WIN 2011, 6-8 July, 2011, Paris
Development of personalised medicine from animal testing
Professor Soo Khee Chee – National Cancer Centre, Singapore
One of the things that we are doing in our lab is creating animal models of human cancers and the way that we do it is that, as clinicians, when we have explanted tumours from the patients they’re given immediately to the researchers after the pathologists have got what they require for their pathological analysis. This particular researcher of ours is particularly able to engraft human tumours into animals. It has the potential of being a personalised medicine in four different ways, which is very interesting. The first is, though somewhat in the future, because we are able to, in a large majority of cases, implant human tumours into animals, then in many ways the animals are the human models for cancer research and in particular for testing of drugs so that, if the patients do live long enough, by the time the tumours are successfully implanted they can be tested and drug combinations can be used. In a shortened time frame it can then be used to treat the human cancer patients themselves from the tumours that they have given to the animals.
The second way is for different pharma companies, and this is exactly what he is doing, or what we are doing, to have drug combinations given to us for testing on these animal models of human cancers. We talked today about high hurdle of testing of drugs, meaning that if it doesn’t work in animals it’s unlikely to work in humans and this is exactly what we are doing in the lab, that is to have a new pipeline of drugs that are coming from pharmas and having them tested in our human models of cancers. And we are able to successfully tell pharmas which are the drugs that are particularly useful, which are the ones that are not. What is interesting, and this is something which is highlighted in this particular conference, was that in the large majority of cases single drugs don’t work. A combination of drugs are especially useful in the animal models and this is very important feedback for the pharmas because then they can either kill the drug because it doesn’t work in animals or if they work particularly well in animal models that we have of cancers which are common to our countries – liver cancers, stomach cancers, ovarian cancers, then it can lead to further drug development.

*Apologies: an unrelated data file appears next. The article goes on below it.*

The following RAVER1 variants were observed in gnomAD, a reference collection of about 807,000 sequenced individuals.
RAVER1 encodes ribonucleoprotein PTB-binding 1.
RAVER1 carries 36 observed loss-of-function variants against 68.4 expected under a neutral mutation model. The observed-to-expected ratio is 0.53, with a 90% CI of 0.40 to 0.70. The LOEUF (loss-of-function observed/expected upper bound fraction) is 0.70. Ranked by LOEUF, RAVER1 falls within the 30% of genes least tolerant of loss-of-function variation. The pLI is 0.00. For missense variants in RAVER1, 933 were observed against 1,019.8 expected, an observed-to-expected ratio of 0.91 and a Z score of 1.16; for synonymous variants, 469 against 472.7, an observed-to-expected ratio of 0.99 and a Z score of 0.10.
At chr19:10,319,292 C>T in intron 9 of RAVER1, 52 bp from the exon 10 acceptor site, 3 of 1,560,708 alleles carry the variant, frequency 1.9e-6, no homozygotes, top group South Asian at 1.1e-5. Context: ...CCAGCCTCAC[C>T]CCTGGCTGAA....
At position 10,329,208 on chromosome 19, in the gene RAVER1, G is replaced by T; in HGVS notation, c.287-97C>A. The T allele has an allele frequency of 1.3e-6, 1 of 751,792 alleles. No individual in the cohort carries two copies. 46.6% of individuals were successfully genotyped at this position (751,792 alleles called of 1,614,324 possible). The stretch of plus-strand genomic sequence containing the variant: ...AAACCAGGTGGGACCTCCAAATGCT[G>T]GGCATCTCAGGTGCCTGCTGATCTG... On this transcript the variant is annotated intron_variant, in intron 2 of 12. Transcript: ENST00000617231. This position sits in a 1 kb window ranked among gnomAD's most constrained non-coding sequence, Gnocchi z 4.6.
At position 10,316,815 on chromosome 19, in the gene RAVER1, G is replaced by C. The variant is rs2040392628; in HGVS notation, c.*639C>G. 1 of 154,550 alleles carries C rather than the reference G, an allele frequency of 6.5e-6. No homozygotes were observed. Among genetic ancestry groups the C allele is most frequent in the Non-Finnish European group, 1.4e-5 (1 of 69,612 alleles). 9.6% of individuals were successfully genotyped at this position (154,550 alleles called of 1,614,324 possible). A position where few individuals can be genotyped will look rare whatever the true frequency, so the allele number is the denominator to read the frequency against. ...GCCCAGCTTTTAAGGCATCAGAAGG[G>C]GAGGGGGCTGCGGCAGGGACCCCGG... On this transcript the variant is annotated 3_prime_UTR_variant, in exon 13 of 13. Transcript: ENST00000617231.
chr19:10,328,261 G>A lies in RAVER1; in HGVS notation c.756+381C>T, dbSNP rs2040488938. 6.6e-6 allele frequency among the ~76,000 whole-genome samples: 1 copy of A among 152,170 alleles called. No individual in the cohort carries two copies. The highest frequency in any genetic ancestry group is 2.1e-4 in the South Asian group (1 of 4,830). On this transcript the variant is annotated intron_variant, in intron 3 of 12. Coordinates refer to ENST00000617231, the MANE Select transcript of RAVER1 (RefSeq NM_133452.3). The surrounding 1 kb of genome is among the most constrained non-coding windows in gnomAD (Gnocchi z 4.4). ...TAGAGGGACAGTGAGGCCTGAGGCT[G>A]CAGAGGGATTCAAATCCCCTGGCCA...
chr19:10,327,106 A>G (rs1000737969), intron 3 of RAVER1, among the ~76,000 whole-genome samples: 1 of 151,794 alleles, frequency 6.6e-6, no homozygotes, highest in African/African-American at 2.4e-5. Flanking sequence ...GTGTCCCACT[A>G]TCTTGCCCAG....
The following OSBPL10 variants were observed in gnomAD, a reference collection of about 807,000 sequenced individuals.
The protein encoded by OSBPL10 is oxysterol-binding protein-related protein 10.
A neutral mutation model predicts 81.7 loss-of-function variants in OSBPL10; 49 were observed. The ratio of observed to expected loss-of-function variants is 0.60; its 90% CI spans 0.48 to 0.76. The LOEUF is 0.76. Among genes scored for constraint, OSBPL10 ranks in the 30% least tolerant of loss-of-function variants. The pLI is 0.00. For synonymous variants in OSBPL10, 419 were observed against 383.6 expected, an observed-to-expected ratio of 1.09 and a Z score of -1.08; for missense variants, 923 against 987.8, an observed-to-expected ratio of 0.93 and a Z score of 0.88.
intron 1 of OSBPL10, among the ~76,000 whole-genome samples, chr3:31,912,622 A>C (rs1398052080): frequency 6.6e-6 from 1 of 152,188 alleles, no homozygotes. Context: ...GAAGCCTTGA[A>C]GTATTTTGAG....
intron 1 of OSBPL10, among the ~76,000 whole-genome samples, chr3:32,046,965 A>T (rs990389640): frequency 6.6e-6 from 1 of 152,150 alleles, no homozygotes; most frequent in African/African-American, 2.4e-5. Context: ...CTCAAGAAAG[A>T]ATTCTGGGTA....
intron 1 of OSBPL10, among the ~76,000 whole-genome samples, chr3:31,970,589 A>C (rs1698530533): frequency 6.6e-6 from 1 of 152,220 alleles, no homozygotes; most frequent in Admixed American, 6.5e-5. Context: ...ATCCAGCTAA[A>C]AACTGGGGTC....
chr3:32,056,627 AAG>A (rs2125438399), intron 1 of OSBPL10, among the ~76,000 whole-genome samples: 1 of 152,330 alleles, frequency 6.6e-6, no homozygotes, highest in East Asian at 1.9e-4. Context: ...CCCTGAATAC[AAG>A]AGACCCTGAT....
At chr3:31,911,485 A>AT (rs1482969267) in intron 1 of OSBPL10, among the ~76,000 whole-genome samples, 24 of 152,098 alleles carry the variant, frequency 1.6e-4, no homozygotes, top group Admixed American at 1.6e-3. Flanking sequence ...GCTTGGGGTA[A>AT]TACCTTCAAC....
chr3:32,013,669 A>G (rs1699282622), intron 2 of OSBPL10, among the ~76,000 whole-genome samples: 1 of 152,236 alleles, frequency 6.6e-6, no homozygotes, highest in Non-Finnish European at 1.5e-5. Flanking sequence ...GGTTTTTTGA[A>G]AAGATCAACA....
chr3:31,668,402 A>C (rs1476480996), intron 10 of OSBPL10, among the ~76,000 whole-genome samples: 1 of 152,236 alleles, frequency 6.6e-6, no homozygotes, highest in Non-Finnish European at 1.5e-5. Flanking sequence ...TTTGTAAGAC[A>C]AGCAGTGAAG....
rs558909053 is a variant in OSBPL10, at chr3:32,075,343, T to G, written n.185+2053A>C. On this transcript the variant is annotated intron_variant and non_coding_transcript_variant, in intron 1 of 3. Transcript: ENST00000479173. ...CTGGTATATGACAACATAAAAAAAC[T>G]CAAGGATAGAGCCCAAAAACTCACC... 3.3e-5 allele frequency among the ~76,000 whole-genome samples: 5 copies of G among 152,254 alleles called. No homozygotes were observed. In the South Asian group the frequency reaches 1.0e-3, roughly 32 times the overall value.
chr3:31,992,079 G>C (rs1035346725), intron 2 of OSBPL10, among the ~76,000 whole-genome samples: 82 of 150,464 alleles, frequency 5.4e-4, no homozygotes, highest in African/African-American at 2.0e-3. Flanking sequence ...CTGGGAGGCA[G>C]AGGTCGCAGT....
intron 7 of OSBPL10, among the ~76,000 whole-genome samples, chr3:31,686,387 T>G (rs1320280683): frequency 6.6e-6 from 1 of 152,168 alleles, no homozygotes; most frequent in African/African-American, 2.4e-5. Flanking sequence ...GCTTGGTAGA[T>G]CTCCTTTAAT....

The third thing that is very interesting in our lab is that when we are using drug combinations we have an opportunity to study the biology of the cancer because when we use different drugs we find that certain pathways are up-regulated, others are down-regulated and the drugs which are well known to target certain pathways will give insights as to how cancer escapes the treatment and how they become resistant. So that’s great insights that we develop from having this particular lab.
Fourthly, and in an interesting manner, because our lab has drugs coming from many different companies, what actually is happening is that the hype really resides in the fact that we have various drug combinations from different drug companies and we will be able to tell which are the ideal combinations between companies, though they may not know it. The interesting thing is that if we have identical labs all over the world doing that, you might be acting in an interesting manner as the matchmaker for pharma companies because we are the repository of information because we have the new drug pipelines in the lab itself. So in many ways, in an interesting manner, not directly looking at the tumours but looking at the animal models of the tumours, we are able to advance the cause of personalised medicine.
Are there advantages to working directly with animal cases over observing cases in humans?
The human cancer system is better but it doesn’t lend itself to the experimentation that you can do on the mouse models. We have also tested the genomic aberrations in these tumours after several passages and clearly the longer down the passages you go, it will mutate. But the first few passages, then they are near identical to the original human tumour.
We have had interesting results, as I have alluded to, of using, for example, an mTOR inhibitor with a VEGF inhibitor of different companies and we have, in many ways, taken it from the bench to the bedside because from the results that we obtained, we did a phase I trial, we have done a phase II trial and seen some complete responses from the phase II trial and now are waiting to do the phase III trials.
What is the current state of clinical trials within personalised medicine?
What I found interesting is that it may be near impossible for investigator initiator trials to really take place because of the high expenses involved in conducting such trials - the high regulatory requirements that are required, the standardisation, the audit that needs to take place, and then then the need for new drugs in the pipeline to be given to investigators. So clearly, and almost inevitably I suggest, investigators will have to work with big pharmas to push the agenda for this personalised medicine.